As a rule, I keep my communications with my authors cordial and professional (I’m the cat). I try to avoid lengthy explanations or inquiries and try to keep things as simple as possible. If I find myself falling into the role of educator I stop to reconsider my approach. Taking time to drill down to the actual issue of a query can save much time and energy in advance. This being said, a dry, unemotional voice is not my aim, and I am fairly free with supporting comments and positive observations.
At times, when I get to know my author a bit better, the urge to insert humor starts to tickle my fingers. Almost invariably I resist the urge. There is just too much opportunity for a misread with humor. Also, if the relationship becomes too chummy, it may make more difficult, delicate communications harder to pull off.
Another temptation is to use emogees (emoticons) to clarify the intent or tone behind a query or comment. I resist this urge as well. If I need a graphic to clarify my intent, perhaps I have failed to write it correctly. Also, when I stop to reconsider, I often find that the impulse to use an emogee emerges from a sense of insecurity or self-doubt about what I am trying to suggest, request, or recommend. It becomes apparent that I need to reconsider or rewrite the query or comment.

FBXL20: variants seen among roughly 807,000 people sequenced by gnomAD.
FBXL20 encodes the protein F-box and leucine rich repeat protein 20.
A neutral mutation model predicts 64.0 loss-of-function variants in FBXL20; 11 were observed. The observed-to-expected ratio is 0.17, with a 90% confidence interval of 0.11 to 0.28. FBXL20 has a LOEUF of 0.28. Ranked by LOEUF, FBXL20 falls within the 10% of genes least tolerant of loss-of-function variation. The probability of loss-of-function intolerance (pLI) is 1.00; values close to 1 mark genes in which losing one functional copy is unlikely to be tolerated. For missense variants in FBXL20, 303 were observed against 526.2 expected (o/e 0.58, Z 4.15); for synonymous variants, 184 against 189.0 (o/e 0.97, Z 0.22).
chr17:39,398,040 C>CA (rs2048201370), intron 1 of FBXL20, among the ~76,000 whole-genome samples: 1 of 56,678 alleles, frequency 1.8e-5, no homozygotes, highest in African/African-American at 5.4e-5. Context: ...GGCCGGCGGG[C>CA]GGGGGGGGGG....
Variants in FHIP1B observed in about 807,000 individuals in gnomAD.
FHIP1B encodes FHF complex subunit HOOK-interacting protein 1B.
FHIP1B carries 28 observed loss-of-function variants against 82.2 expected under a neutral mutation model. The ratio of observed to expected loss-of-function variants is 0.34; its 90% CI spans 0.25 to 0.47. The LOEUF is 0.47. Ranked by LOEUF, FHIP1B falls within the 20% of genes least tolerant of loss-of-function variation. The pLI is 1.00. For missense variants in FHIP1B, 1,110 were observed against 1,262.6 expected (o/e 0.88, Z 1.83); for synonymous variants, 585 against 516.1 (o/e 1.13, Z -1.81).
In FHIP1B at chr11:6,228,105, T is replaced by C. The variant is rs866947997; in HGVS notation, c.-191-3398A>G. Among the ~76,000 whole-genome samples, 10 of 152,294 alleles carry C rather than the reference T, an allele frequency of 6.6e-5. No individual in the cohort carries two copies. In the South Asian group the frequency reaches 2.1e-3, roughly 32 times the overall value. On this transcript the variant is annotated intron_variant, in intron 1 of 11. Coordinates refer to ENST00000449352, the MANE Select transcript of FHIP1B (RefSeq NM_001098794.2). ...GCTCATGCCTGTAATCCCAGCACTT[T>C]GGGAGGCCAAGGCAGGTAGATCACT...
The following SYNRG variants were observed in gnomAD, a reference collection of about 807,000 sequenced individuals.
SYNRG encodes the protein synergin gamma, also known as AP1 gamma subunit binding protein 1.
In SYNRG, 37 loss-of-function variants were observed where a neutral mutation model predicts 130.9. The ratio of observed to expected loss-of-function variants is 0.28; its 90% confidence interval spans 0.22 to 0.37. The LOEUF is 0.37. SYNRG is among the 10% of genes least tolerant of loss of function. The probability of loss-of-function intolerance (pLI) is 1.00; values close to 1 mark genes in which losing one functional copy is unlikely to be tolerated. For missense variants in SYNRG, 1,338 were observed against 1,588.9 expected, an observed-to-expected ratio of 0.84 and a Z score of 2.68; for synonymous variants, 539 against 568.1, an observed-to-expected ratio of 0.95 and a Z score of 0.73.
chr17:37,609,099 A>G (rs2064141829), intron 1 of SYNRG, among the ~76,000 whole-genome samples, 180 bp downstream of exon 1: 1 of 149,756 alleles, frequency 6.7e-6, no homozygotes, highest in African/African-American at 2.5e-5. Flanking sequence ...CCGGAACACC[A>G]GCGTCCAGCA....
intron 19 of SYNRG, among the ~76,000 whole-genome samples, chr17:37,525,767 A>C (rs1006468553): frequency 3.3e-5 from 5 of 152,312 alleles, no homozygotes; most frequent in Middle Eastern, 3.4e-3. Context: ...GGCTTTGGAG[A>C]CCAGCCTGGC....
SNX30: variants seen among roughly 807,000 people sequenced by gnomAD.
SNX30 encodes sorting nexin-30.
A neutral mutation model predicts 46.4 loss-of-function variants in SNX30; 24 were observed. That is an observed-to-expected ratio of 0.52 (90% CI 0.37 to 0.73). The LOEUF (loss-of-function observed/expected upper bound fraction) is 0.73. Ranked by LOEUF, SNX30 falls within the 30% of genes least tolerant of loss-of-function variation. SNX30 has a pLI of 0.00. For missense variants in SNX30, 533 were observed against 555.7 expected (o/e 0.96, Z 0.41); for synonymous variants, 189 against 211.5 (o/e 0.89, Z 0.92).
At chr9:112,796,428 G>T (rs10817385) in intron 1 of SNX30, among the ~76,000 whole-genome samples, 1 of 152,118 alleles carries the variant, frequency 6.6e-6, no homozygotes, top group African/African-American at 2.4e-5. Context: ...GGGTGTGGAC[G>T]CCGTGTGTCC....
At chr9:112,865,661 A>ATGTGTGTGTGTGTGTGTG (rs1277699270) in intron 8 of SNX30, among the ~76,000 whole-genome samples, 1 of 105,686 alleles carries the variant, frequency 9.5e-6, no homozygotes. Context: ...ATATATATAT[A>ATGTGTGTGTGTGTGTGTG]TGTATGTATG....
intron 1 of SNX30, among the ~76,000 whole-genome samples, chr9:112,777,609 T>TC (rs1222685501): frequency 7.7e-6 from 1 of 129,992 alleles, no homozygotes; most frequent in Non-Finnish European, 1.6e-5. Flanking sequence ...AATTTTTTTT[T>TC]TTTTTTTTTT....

There is definitely room in less formal channels of editor-author communication for humor and perhaps an emogee or two. For instance, humor may find a home in email or text messages that serve to check in with an author post project or to maintain a thread of familiarity with a client or when an author makes attempts to get to know you better, off project. But even here, I would tend toward professional congeniality rather than cafe camaraderie.
Here is an interesting post from copyediting.com about emoticons in editing:
Let me know what you think. I’m curious.